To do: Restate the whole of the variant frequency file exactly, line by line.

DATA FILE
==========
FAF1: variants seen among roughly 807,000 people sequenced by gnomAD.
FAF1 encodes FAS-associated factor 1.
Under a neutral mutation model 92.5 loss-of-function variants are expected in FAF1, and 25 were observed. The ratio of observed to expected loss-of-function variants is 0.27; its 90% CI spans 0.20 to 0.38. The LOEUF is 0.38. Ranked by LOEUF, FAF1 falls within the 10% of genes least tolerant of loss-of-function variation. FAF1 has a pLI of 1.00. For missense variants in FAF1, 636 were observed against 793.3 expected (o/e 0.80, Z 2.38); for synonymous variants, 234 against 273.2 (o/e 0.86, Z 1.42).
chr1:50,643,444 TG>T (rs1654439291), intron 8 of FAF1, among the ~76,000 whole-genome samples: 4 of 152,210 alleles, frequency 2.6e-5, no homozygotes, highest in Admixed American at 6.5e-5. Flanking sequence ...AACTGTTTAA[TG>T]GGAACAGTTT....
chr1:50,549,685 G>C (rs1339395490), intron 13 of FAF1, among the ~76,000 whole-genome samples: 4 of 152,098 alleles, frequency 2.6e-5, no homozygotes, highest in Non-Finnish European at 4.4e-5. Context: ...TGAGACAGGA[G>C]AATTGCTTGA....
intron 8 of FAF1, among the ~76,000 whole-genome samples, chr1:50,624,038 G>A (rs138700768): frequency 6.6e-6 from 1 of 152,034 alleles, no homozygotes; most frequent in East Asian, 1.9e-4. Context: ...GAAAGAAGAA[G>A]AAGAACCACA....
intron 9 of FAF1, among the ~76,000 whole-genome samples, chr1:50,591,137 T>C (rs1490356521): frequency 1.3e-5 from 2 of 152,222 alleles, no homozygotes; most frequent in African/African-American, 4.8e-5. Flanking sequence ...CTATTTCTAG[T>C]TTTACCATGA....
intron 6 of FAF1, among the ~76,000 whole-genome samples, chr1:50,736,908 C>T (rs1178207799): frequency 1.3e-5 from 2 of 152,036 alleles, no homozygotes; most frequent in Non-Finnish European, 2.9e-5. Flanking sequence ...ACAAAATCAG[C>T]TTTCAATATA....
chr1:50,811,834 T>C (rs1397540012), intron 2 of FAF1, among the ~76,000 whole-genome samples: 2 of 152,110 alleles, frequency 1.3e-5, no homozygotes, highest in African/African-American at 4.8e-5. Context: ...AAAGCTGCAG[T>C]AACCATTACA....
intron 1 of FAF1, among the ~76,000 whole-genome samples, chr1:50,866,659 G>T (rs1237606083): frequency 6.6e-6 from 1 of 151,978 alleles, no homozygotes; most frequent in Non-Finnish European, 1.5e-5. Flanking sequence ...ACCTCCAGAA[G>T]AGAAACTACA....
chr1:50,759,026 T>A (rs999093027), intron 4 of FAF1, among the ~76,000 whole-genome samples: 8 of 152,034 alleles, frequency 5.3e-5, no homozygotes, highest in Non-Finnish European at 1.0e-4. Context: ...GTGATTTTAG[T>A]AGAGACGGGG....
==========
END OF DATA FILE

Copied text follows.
FAF1: variants seen among roughly 807,000 people sequenced by gnomAD.
FAF1 encodes FAS-associated factor 1.
Under a neutral mutation model 92.5 loss-of-function variants are expected in FAF1, and 25 were observed. The ratio of observed to expected loss-of-function variants is 0.27; its 90% CI spans 0.20 to 0.38. The LOEUF is 0.38. Ranked by LOEUF, FAF1 falls within the 10% of genes least tolerant of loss-of-function variation. FAF1 has a pLI of 1.00. For missense variants in FAF1, 636 were observed against 793.3 expected (o/e 0.80, Z 2.38); for synonymous variants, 234 against 273.2 (o/e 0.86, Z 1.42).
chr1:50,643,444 TG>T (rs1654439291), intron 8 of FAF1, among the ~76,000 whole-genome samples: 4 of 152,210 alleles, frequency 2.6e-5, no homozygotes, highest in Admixed American at 6.5e-5. Flanking sequence ...AACTGTTTAA[TG>T]GGAACAGTTT....
chr1:50,549,685 G>C (rs1339395490), intron 13 of FAF1, among the ~76,000 whole-genome samples: 4 of 152,098 alleles, frequency 2.6e-5, no homozygotes, highest in Non-Finnish European at 4.4e-5. Context: ...TGAGACAGGA[G>C]AATTGCTTGA....
intron 8 of FAF1, among the ~76,000 whole-genome samples, chr1:50,624,038 G>A (rs138700768): frequency 6.6e-6 from 1 of 152,034 alleles, no homozygotes; most frequent in East Asian, 1.9e-4. Context: ...GAAAGAAGAA[G>A]AAGAACCACA....
intron 9 of FAF1, among the ~76,000 whole-genome samples, chr1:50,591,137 T>C (rs1490356521): frequency 1.3e-5 from 2 of 152,222 alleles, no homozygotes; most frequent in African/African-American, 4.8e-5. Flanking sequence ...CTATTTCTAG[T>C]TTTACCATGA....
intron 6 of FAF1, among the ~76,000 whole-genome samples, chr1:50,736,908 C>T (rs1178207799): frequency 1.3e-5 from 2 of 152,036 alleles, no homozygotes; most frequent in Non-Finnish European, 2.9e-5. Flanking sequence ...ACAAAATCAG[C>T]TTTCAATATA....
chr1:50,811,834 T>C (rs1397540012), intron 2 of FAF1, among the ~76,000 whole-genome samples: 2 of 152,110 alleles, frequency 1.3e-5, no homozygotes, highest in African/African-American at 4.8e-5. Context: ...AAAGCTGCAG[T>C]AACCATTACA....
intron 1 of FAF1, among the ~76,000 whole-genome samples, chr1:50,866,659 G>T (rs1237606083): frequency 6.6e-6 from 1 of 151,978 alleles, no homozygotes; most frequent in Non-Finnish European, 1.5e-5. Flanking sequence ...ACCTCCAGAA[G>T]AGAAACTACA....
chr1:50,759,026 T>A (rs999093027), intron 4 of FAF1, among the ~76,000 whole-genome samples: 8 of 152,034 alleles, frequency 5.3e-5, no homozygotes, highest in Non-Finnish European at 1.0e-4. Context: ...GTGATTTTAG[T>A]AGAGACGGGG....